I’m always fascinated when I notice that two similar movies are playing back-to-back on competing channels. As I finished watching A Dream of Christmas (Hallmark, 2016), I discovered Holiday Switch (Lifetime, 2007; written by Gale (Gayl) Decoursey) had just started, so… it was fun to contrast and compare, and wonder how many ways can A Christmas Carol be redone? Granted, there were not ghosts of Christmas Past, but the depressing Christmas Futures were convincing.
There were a number of similarities and differences:
- Both protagonists are female.
- Both women suffer a blow to the head and pass out.
- Both women are frustrated with their current lives, and wish they’d made different choices.
- Neither movie includes any pets.
- Both heroines give up really good guys and end up with knuckleheads.
- Both see remembrances/touchstones of their former lives, but can’t seem to get their guy to relate, yet… in the end, the touchstone is what provokes a flicker of memory and cements them back together.
- Both of their former husbands have moved on and have new partners.
- Both remind me of The Wizard of Oz when they came back to themselves. Paula even says “There’s no place like home.”
- Both wake up in new beds after their wishes come true.
- Both learn to appreciate what they had before their lives changed.
- Both begin to “stalk” their former husbands.
- Paula hears a voice calling her; Penny’s wish is granted by an angel.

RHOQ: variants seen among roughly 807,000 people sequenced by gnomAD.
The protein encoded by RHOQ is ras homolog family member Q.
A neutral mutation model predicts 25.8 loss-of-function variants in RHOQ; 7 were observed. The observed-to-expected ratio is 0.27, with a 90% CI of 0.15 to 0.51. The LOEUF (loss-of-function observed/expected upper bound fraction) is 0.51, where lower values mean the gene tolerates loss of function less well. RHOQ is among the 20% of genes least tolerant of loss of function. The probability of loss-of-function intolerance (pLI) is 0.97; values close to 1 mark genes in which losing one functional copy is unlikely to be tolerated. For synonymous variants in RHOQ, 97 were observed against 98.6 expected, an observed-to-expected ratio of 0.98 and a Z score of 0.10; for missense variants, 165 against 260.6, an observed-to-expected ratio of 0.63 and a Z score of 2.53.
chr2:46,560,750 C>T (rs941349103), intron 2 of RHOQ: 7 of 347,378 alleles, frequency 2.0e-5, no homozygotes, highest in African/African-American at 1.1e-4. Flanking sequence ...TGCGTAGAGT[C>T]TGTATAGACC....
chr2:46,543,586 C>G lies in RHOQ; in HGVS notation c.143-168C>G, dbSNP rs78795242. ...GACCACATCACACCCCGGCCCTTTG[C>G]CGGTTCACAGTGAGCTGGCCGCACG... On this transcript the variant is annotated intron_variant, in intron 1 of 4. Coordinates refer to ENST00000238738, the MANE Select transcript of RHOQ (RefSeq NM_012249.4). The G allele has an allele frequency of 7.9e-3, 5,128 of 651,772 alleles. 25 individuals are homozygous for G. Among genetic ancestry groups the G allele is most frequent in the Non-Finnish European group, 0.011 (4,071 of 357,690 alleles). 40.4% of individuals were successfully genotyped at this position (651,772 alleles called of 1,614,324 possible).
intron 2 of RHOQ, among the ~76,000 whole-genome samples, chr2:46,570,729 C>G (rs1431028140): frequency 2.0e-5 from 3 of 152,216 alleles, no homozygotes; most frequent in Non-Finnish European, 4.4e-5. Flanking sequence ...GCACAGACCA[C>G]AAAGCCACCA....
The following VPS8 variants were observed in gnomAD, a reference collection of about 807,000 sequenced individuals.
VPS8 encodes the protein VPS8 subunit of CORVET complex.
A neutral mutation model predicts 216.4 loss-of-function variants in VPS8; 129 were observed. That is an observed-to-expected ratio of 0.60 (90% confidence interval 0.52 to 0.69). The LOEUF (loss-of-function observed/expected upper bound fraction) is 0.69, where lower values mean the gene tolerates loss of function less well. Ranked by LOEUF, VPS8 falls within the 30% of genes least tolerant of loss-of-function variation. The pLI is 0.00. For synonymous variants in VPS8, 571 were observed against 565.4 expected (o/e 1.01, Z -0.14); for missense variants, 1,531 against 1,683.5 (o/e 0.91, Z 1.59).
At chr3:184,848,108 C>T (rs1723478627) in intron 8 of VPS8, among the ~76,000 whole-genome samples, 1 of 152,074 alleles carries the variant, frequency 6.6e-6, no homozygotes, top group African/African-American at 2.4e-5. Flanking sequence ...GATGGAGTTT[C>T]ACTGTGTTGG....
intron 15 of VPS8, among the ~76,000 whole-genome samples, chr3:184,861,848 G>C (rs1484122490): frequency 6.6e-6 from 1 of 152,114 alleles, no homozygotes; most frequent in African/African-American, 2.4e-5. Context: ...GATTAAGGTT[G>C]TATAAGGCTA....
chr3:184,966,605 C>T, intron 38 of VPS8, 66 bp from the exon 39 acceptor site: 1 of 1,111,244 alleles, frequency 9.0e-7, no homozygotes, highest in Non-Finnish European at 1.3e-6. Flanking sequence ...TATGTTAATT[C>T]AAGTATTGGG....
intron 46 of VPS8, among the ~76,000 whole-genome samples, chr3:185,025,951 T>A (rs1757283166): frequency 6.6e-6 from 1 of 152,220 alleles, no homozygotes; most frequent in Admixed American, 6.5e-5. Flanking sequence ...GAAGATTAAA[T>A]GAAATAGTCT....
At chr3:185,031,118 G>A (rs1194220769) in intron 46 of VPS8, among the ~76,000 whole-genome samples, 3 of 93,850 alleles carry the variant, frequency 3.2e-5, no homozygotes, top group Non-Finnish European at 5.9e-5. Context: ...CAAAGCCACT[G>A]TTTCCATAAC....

- Paula wishes to be married to a different guy; Penny wants to be single.
- Paula enters her new world through a clothes dryer; Penny wakes up in a new apartment.
- Paula falls asleep, and wakes up where she passed out; Penny hits her head again before waking up.
- Paula’s children now belong to the new wife; Penny’s sister’s children don’t exist.
Aside from personal details, there are far more similarities than differences, so it’s difficult to watch one movie and then watch the second without noting which movie does something specific best.
For instance, I thought Holiday Switch portrayed Paula’s life to be so unbelievably wretched – very poor, lying to creditors, truly messy home – that she was more believable in her wish that she’d married the other guy.
However, I thought the connection between Penny and her guy was steamier, with the attraction more intense in A Dream of Christmas.
I think they’re both worth seeing and give them each 3 of 5 Visions of Sugar Plums. ♥♥♥